Sarah... as She Sees It: Dallas Women

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by SARAH HEPOLA

wfaa.com

Posted on November 1, 2013 at 5:36 PM

Updated Saturday, Nov 9 at 1:43 PM

North Texas author, Sarah Hepola, shares her thoughts about Dallas women:

I’ve been working on a theory about Dallas women: You cannot be overdressed. Every time I’m on my way to an event, and I get that anxious feeling that my red lipstick or my silk dress will expose me as a late 30-something trying too hard, I show up to find women in glitter heels and sequined tops. I was sharing my theory with a friend the other day, in the concession line at the Angelika, and two women walked by in cocktail dresses. At the movies. OK, they were probably headed somewhere afterward, but I promise that in other towns, you don’t see women in Marc Jacobs dresses waiting in line for Junior Mints.

Dallas has been described as a place “where women dress up to go to the grocery store,” and on grumpy days, I find this intimidating, if not downright irritating. Why is everybody trying so hard? Maybe that’s because I spent a great deal of my 20s and early 30s not trying at all. I pulled my hair back in a scrunchie and wore a series of stained hoodies. This is Texas. No one will kick you out for wearing jeans and flip flops.

But as I grew older, I stopped rebelling so much against our city’s glamorous reputation. I, too, have discovered the strange mental boost of wearing wedge heels in the frozen food aisle of Tom Thumb. Maybe this is some vestige of the South. Or maybe this is part of our inheritance as Dallas women. We live in the city that gave birth to Neiman-Marcus and the Dallas Cowboy Cheerleaders and Mary Kay Cosmetics. When it comes to fashion, it’s like we’re contractually obligated to go big.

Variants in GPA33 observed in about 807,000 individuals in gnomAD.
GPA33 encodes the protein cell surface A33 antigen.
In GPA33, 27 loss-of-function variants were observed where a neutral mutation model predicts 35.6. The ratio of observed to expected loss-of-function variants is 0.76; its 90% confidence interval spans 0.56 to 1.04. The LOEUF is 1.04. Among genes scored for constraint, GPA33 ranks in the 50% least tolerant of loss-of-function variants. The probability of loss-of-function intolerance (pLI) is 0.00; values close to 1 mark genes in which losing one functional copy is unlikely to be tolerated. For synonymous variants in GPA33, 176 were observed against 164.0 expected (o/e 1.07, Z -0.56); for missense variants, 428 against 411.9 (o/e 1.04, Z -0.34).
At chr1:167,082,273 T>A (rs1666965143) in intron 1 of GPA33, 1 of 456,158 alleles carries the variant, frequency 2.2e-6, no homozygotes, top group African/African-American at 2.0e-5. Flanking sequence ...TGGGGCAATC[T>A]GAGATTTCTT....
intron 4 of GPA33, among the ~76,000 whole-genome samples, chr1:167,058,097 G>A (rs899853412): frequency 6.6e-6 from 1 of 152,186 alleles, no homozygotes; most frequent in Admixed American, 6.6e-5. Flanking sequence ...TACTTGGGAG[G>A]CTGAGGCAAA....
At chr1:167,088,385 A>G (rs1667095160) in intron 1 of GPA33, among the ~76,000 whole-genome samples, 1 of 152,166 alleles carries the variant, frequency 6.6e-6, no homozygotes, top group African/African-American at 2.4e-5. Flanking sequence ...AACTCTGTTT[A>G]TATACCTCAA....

And while I firmly support every woman’s decision to dress however she wants, be it hot pants or sweat pants, I have come to admire how the ladies of Dallas bring beauty to a city covered in asphalt and cement. It’s a relief to know that I can never be overdressed, and that I will never be faulted for trying too hard, and that maybe trying isn’t such a bad thing to do after all. And I’m glad to know that when I finally spring for some glitter heels, I have a place to wear them: Anywhere I want.

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